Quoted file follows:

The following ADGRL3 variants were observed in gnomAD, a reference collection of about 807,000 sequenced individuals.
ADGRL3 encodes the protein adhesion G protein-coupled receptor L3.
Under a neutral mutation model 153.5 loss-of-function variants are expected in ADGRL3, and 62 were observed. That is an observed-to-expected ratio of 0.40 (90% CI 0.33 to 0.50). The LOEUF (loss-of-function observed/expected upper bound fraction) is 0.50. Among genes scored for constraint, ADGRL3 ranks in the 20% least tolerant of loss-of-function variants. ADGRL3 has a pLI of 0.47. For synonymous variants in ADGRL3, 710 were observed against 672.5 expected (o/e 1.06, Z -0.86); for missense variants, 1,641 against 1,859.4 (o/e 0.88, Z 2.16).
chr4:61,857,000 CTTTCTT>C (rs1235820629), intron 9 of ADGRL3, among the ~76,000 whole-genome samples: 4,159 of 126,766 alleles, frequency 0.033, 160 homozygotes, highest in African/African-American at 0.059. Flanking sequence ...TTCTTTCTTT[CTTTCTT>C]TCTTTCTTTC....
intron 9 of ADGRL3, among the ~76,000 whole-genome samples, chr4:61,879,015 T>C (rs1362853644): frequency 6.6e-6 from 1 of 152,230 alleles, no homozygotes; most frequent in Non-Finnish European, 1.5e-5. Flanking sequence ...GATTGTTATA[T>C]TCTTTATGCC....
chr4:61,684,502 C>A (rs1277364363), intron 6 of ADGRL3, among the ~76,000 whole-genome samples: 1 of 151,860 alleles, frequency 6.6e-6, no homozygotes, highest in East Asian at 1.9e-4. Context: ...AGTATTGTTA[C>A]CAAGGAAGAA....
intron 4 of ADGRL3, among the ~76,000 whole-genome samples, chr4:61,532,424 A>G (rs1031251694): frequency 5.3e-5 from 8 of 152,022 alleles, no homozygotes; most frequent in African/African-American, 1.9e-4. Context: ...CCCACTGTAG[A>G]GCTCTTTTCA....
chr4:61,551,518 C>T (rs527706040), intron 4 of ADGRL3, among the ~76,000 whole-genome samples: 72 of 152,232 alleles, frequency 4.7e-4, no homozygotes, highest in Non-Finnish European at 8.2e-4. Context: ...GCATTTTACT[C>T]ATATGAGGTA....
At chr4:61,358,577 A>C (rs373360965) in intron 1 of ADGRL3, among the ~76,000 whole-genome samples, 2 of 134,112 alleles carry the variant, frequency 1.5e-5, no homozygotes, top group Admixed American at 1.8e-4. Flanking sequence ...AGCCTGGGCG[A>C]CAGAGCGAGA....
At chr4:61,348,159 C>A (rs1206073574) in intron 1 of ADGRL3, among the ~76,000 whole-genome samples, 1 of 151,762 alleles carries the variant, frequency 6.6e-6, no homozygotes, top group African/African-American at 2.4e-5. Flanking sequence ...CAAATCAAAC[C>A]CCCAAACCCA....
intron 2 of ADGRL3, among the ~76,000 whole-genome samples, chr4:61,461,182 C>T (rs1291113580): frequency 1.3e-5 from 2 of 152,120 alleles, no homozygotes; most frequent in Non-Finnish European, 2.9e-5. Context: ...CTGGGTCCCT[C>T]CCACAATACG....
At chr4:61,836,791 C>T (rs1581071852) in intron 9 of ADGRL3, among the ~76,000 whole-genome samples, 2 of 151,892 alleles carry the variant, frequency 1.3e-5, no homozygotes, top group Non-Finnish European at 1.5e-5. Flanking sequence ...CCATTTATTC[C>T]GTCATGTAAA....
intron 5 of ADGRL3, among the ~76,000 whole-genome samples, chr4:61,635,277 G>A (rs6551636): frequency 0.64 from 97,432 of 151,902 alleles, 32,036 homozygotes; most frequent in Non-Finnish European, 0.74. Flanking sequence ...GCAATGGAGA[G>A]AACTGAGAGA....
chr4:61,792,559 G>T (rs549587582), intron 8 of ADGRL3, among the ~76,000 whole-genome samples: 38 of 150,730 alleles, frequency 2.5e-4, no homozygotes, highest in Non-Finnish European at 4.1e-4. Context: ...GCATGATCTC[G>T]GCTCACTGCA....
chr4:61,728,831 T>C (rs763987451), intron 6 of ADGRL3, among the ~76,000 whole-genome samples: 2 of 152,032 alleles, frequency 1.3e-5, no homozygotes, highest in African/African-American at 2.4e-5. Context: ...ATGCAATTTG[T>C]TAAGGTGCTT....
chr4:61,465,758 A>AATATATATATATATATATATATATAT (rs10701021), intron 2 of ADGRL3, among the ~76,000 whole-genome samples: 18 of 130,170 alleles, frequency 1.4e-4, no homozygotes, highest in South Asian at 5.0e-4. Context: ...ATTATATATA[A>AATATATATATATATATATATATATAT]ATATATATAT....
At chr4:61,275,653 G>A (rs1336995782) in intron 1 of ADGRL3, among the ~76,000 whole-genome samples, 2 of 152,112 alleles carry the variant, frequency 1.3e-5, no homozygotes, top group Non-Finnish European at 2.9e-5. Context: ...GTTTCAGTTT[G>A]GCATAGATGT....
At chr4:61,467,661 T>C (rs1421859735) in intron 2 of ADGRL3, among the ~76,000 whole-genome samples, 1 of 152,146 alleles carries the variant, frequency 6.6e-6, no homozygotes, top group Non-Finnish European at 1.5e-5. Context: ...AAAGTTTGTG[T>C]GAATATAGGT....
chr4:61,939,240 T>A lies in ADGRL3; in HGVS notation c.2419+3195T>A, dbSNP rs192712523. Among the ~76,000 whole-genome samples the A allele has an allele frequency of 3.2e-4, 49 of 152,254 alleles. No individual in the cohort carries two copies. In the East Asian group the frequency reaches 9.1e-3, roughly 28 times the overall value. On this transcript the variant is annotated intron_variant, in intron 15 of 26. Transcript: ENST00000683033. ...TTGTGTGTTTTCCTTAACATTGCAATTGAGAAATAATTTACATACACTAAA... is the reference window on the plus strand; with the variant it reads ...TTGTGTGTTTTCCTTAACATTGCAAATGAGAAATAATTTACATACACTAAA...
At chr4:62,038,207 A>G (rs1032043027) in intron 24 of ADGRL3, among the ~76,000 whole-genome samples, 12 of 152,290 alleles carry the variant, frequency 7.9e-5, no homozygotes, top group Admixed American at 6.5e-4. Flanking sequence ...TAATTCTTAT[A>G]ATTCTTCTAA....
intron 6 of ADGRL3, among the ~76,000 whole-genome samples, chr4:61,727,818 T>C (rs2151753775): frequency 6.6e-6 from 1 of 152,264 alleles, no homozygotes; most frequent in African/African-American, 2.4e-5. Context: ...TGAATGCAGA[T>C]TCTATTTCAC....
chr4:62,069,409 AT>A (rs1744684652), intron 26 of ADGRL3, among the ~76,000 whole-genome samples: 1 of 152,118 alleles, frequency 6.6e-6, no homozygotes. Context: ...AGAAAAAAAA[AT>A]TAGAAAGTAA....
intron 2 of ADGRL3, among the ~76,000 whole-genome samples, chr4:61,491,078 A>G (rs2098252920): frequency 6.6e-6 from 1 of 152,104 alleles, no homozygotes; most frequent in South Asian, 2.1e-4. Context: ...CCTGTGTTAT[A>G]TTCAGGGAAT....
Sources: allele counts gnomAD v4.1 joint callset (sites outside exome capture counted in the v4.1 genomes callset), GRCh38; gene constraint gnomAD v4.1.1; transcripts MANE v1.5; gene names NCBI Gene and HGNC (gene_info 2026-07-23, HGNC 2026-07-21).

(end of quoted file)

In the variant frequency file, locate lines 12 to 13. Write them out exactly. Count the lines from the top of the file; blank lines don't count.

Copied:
At chr4:61,836,791 C>T (rs1581071852) in intron 9 of ADGRL3, among the ~76,000 whole-genome samples, 2 of 151,892 alleles carry the variant, frequency 1.3e-5, no homozygotes, top group Non-Finnish European at 1.5e-5. Flanking sequence ...CCATTTATTC[C>T]GTCATGTAAA....
intron 5 of ADGRL3, among the ~76,000 whole-genome samples, chr4:61,635,277 G>A (rs6551636): frequency 0.64 from 97,432 of 151,902 alleles, 32,036 homozygotes; most frequent in Non-Finnish European, 0.74. Flanking sequence ...GCAATGGAGA[G>A]AACTGAGAGA....